/Partisan US crowd makes most of Ryder Cup revelry at Whistling Straits – The Guardian

Partisan US crowd makes most of Ryder Cup revelry at Whistling Straits – The Guardian


The United States took the lead in front of eager home support but thankfully cries of ‘mashed potatoes’ stayed at home

Nearly 50,000 mostly star-spangled spectators descended on Kohler on Friday morning, the quiet Wisconsin hamlet of 2,100 souls along the Sheboygan River that has become the focal point of the sporting world as the United States attempt to regain the Ryder Cup.

The masses arrived as early as 3.30am, an hour and a half before the gates opened, nearly all of them angling for a coveted spot on the horseshoe-shaped grandstand encircling the first tee which filled to capacity in less than eight minutes. The cascading strains of Neil Diamond’s Sweet Caroline and staccato chants of “U-S-A! U-S-A!” that would resound throughout the Straits Course all day long briefly came to a hush when Sergio García led off the opening foursomes match. On a chilly morning, his tee shot landed against the edge of a bunker left of the fairway to kick off the last in a string of 2020-branded sporting events to be staged in 2021.

The typical home crowd support was further magnified in the Americans’ favor due to Covid-19 travel restrictions on European-based spectators. Flag-waving jingoism will always be a part of team competitions like the Ryder Cup where the bar of etiquette has traditionally been relaxed and there was no shortage of lusty boos reserved for Team Europe. But the well-documented fears of well-lubricated attention-seekers blurting “mashed potatoes” and “Baba Booey” during players’ backswings proved thankfully overblown.

The 7,224-yard track along the western shores of Lake Michigan was constructed late enough in the storied six-decade career of course architect Pete Dye to account for the modern needs of professional tournaments – from sufficient gallery positions to areas for corporate tents – and all were teeming with ticket-holders throughout the day.

Organisers couldn’t have dreamed of fairer weather as the early chill gave way to a sun-splashed morning and the players enjoyed conditions more benign than Wednesday’s and Thursday’s practice rounds. The red-white-and-blue clad hordes made for a rollicking atmosphere that wouldn’t have felt out of place at Lambeau Field, the storied home ground of the Green Bay Packers less than an hour’s drive northbound on Interstate 43.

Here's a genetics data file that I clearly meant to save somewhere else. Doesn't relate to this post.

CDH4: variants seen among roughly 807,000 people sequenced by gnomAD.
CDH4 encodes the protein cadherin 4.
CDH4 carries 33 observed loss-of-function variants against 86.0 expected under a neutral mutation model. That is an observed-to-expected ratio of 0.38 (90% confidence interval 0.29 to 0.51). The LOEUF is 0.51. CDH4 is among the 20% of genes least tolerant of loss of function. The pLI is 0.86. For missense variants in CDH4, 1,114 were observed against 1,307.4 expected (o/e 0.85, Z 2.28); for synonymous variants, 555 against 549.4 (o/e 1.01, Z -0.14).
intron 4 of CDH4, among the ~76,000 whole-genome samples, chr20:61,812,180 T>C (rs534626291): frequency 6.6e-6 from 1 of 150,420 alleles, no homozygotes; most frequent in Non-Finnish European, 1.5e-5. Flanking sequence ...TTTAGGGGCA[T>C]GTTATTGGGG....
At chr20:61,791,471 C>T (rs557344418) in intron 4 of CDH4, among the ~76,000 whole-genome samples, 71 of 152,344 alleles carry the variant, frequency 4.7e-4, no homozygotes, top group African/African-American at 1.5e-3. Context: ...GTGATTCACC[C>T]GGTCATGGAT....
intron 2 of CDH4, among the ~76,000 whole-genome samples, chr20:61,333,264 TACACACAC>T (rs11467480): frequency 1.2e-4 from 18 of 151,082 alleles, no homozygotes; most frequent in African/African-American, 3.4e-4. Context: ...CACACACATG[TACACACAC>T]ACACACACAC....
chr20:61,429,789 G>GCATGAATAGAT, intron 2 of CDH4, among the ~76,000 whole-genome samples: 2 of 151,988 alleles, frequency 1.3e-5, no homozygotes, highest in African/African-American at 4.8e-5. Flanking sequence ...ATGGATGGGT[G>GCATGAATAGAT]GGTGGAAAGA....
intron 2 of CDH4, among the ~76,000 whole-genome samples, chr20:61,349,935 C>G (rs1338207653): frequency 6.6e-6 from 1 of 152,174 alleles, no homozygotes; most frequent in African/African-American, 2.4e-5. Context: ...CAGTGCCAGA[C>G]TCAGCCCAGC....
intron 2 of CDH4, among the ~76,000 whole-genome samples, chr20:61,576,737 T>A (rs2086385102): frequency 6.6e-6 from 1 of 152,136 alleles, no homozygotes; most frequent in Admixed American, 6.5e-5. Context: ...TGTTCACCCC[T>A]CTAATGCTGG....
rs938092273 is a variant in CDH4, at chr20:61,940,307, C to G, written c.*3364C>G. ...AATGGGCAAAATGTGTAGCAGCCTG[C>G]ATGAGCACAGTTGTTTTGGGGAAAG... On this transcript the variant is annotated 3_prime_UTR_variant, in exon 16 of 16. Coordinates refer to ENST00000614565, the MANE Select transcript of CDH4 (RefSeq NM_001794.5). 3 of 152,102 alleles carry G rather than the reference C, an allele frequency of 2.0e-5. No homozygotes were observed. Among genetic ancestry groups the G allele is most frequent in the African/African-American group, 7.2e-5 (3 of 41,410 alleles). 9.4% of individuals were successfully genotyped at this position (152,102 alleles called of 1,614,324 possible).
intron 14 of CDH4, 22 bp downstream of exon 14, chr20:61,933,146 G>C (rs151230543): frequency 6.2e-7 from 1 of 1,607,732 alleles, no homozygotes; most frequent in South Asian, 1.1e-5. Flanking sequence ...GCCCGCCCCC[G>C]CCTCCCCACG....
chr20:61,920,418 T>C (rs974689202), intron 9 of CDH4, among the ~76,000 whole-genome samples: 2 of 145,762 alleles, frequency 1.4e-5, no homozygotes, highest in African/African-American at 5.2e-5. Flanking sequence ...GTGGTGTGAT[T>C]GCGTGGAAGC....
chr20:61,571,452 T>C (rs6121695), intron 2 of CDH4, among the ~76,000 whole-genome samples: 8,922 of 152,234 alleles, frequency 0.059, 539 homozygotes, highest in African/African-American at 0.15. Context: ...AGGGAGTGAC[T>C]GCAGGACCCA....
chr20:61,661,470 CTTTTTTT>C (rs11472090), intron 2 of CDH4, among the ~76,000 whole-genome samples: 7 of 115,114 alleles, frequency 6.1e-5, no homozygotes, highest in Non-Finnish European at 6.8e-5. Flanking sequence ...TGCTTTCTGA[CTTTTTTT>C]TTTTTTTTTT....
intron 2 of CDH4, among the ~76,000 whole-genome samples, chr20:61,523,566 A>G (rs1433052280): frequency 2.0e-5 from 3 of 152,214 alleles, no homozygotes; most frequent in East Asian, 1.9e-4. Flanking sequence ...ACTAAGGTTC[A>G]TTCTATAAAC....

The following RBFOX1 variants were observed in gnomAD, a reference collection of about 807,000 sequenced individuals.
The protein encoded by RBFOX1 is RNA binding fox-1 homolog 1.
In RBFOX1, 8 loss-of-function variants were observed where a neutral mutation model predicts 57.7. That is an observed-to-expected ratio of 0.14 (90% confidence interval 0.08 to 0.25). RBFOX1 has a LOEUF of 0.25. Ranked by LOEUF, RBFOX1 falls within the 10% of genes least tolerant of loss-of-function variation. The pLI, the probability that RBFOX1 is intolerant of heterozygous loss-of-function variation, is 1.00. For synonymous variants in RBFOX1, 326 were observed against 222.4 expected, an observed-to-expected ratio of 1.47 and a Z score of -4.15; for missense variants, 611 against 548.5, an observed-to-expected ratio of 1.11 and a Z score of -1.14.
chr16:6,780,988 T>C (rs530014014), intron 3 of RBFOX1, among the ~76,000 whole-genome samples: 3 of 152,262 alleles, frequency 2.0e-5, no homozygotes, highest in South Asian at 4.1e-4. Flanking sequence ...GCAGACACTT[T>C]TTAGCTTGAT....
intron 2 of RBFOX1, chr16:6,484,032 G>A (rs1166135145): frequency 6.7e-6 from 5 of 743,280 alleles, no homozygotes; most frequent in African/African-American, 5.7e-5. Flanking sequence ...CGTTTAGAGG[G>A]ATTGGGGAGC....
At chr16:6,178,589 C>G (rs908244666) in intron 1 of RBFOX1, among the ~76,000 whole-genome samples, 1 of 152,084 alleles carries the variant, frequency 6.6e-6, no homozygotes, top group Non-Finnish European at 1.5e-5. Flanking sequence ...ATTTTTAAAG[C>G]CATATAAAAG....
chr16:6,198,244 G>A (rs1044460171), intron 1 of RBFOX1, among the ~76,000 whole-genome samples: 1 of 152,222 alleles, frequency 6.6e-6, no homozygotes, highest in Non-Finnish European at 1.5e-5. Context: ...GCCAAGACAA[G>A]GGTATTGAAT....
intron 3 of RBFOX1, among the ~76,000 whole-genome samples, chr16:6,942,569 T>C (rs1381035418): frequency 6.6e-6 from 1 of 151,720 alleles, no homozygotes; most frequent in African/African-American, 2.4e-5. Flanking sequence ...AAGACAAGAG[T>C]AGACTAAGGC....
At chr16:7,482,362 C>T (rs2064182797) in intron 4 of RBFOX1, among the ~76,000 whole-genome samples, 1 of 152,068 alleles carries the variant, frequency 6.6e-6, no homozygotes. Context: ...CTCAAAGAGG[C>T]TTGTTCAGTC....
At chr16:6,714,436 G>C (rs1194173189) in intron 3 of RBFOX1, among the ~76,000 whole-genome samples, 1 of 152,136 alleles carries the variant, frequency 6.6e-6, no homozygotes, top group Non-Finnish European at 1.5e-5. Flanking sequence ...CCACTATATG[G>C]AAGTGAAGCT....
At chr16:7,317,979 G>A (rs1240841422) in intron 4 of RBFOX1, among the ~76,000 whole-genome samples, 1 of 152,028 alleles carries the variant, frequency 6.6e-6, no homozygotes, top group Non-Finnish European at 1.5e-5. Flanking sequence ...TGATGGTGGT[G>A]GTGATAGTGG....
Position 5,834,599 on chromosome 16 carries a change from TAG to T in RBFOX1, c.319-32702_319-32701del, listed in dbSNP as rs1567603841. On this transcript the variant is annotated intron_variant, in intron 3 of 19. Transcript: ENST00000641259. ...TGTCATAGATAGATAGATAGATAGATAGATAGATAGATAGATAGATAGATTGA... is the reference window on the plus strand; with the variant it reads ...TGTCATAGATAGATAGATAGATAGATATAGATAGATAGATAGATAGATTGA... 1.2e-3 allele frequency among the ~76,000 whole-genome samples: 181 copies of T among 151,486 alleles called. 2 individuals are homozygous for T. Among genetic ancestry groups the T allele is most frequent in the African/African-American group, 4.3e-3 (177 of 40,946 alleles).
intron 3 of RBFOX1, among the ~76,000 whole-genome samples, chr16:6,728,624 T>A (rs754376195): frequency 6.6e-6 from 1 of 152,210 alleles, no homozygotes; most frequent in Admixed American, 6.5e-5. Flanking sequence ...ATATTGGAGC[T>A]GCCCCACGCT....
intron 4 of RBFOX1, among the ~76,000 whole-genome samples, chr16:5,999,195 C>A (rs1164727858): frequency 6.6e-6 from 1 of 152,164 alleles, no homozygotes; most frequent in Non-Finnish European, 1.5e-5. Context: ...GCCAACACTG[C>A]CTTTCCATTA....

Europe were first on the board when Jon Rahm and García completed a 3&1 win over Jordan Spieth and Justin Thomas on the 17th hole, prompting melodic strains of “Olé, Olé, Olé” from the small but plucky European contingent of spectators, a mix of expats and intrepid travellers who managed to get into the country by indirect means, most commonly by way of Mexico.

García, after sealing his 23rd career Ryder Cup victory to match Nick Faldo’s all-time record, pumped his fist and congratulated his partner before blowing a kiss to the booing gallery. “We know that’s the way it’s going to be,” he said during the brief spell between sessions. “If they don’t get behind them in the US, where are they going to get behind them? You expect that. That’s something that you know is going to happen.”

Less than 10 minutes after Europe drew first blood, even louder chants of “U-S-A! U-S-A!” followed when Dustin Johnson and Collin Morikawa won 3&2 over Viktor Hovland and Paul Casey to move the Americans level. More of the same followed when Xander Schauffele and Patrick Cantlay continued the US rookie run and finished off Ian Poulter and Rory McIlroy to nose Steve Stricker’s team ahead. When Brooks Koepka and Daniel Berger won 2&1 over Lee Westwood and Matt Fitzpatrick, the hosts’ flying start was complete.

The early lead, while of no grave concern to a European team that hasn’t led after the opening session in 15 years, created a bustling energy across the grounds as the spectators attended to business ahead of the afternoon fourballs.

The anticipation surrounding Bryson DeChambeau’s debut in this year’s event alongside Scottie Scheffler in the afternoon was immediately justified when he attempted to drive the green with his opening tee shot only for his ball to bounce off a woman’s shin into a dense patch of rough. Somehow, the 28-year-old managed to get up and down for a birdie and cue roars from the gallery, even more so when he cracked a remarkable 417-yard drive that left him 72 yards from the pin on the 581-yard, par-five 5th hole.

A packed grandstand watches Collin Morikawa hit his opening tee shot. Photograph: Erik S Lesser/EPA

Johnson, who paired with Schauffele against Paul Casey and Bernd Wiesberger in the lead match, elicited one of the biggest reactions of the afternoon when he rolled in a 12-foot putt on the 11th to give the US total control of the tie – the type of spine-tingling moment that turned even NBA icon and Ryder Cup regular Michael Jordan into a fist-pumping fanboy as he looked on from the gallery.

The essential nature of the fans to the Ryder Cup experience is perhaps the biggest reason why the PGA of America, which organizes the event in the United States, did not attempt to stage it last year even after it held a US PGA Championship at Harding Park without spectators. By the time Thomas and Cantlay closed out play opposite Tommy Fleetwood and Hovland late Friday afternoon, ensuring the Americans’ largest lead through day one in 46 years, the decision was validated beyond any doubt.

“The world needs a bit of a party and we’re happy to be the ones throwing it,” Seth Waugh, the chief executive of the PGA of America, said on Friday. “This is so much more than a golf event. It’s sort of a rock concert and a Super Bowl and a golf event all rolled into one.”













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